Title:
Energy absorbent ultrasonic inspection system with laser pointer
United States Patent 9038473


Abstract:
A system is provided for inspecting a workpiece that includes a workpiece defect and a workpiece surface. The system includes a laser pointer connected to an ultrasonic inspection system. The ultrasonic inspection system includes an ultrasonic transducer that directs sound waves to the workpiece defect, where the sound waves contact the workpiece surface at a workpiece surface location. The laser pointer directs a laser beam against the workpiece surface to visually annunciate the workpiece surface location.



Inventors:
Gruca Jr., Karl M. (Palm Beach Gardens, FL, US)
Umbach, Jeffrey A. (Palm Beach Gardens, FL, US)
Application Number:
13/335425
Publication Date:
05/26/2015
Filing Date:
12/22/2011
Assignee:
United Technologies Corporation (Hartford, CT, US)
Primary Class:
International Classes:
G01N29/265; G01N29/04
Field of Search:
73/633, 73/634, 73/865.5, 73/865.8
View Patent Images:
US Patent References:
8616062Ultrasonic inspection system and ultrasonic inspection method2013-12-31Kono et al.73/643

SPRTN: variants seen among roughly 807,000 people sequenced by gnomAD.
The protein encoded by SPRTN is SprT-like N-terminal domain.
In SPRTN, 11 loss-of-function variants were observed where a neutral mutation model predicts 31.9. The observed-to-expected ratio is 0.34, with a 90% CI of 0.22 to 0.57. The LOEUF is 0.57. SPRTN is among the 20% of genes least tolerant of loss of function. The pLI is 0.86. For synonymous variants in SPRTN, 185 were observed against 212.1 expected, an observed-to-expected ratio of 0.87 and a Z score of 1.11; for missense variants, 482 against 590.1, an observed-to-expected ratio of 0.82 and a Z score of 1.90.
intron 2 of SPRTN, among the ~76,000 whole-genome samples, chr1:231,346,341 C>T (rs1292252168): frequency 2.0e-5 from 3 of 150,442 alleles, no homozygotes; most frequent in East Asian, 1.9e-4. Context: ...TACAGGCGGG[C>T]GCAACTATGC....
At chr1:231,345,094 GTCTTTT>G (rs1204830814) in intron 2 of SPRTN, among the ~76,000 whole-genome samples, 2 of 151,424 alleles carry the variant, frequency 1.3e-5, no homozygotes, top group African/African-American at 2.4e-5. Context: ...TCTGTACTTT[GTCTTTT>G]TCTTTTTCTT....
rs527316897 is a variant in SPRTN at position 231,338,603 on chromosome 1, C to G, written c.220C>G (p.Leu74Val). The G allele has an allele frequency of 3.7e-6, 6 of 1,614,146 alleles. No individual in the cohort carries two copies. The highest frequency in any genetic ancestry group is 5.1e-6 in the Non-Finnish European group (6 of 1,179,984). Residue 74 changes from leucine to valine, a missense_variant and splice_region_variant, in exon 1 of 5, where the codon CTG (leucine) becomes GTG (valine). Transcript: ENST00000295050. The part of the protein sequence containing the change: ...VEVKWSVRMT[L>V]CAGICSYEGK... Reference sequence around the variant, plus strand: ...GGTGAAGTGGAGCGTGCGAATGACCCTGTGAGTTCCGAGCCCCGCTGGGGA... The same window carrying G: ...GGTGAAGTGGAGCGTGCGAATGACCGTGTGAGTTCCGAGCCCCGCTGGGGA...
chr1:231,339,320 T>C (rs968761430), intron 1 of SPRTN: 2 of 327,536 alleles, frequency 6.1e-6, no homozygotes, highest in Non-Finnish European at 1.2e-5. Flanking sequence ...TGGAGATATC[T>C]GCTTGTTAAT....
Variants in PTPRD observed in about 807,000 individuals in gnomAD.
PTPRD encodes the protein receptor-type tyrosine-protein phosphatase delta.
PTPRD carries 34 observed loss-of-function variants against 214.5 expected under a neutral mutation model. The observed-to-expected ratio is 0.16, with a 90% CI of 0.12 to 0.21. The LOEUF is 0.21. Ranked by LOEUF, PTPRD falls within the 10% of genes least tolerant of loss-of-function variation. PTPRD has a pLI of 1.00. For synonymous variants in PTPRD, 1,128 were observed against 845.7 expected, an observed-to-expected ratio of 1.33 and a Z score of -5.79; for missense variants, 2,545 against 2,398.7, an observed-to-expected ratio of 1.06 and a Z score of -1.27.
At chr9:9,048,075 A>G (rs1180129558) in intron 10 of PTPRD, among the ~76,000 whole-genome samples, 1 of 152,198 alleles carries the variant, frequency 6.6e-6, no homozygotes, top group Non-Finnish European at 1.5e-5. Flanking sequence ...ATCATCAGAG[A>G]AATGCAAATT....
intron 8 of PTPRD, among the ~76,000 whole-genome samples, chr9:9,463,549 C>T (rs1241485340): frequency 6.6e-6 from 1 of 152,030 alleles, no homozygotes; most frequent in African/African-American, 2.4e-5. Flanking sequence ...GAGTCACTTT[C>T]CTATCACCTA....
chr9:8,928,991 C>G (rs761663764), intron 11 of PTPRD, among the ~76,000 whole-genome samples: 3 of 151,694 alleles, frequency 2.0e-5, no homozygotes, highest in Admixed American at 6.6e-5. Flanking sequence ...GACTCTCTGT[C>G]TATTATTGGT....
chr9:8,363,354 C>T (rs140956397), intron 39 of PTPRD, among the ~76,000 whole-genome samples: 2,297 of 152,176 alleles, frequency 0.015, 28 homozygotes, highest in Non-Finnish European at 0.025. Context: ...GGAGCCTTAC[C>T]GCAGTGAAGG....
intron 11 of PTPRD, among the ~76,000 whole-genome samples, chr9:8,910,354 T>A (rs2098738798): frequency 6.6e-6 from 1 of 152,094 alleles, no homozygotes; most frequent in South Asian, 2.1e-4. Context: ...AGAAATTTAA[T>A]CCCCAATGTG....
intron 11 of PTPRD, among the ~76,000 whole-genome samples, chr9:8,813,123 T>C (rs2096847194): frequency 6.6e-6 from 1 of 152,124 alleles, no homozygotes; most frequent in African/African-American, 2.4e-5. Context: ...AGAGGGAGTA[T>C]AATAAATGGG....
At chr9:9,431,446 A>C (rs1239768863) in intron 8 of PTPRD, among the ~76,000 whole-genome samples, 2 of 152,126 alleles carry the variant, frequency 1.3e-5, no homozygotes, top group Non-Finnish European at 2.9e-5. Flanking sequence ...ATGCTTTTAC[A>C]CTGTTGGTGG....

20130145850SYSTEM AND METHOD FOR INSPECTION OF A PART WITH DUAL MULTI-AXIS ROBOTIC DEVICES2013-06-13Lute et al.73/619
20110030478INSPECTING DEVICE INCLUDING DETACHABLE PROBE2011-02-10Park et al.73/622
20110023585HANDHELD ULTRASOUND DETECTION APPARATUS HAVING A FLEXIBLE TUBE2011-02-03Izikoff73/40.5A
20100278008ACOUSTIC AND ULTRASONIC CONCEALED OBJECT DETECTION2010-11-04Ammar367/7
7775111Method of analyzing ultrasonic inspection data from turbine wheel finger dovetails to identify the presence of cracks on the finger ledges2010-08-17Bentzel
7721607Ultrasonic inspection system, method, and apparatus2010-05-25Kurkcu et al.
7697727Automated surface distress measurement system2010-04-13Xu et al.
20090126494ULTRASONIC INSPECTION APPARATUS AND ULTRASONIC PROBE USED FOR SAME2009-05-21Karasawa et al.
7237438Systems and methods for determining the velocity of ultrasonic surface skimming longitudinal waves on various materials2007-07-03Umbach et al.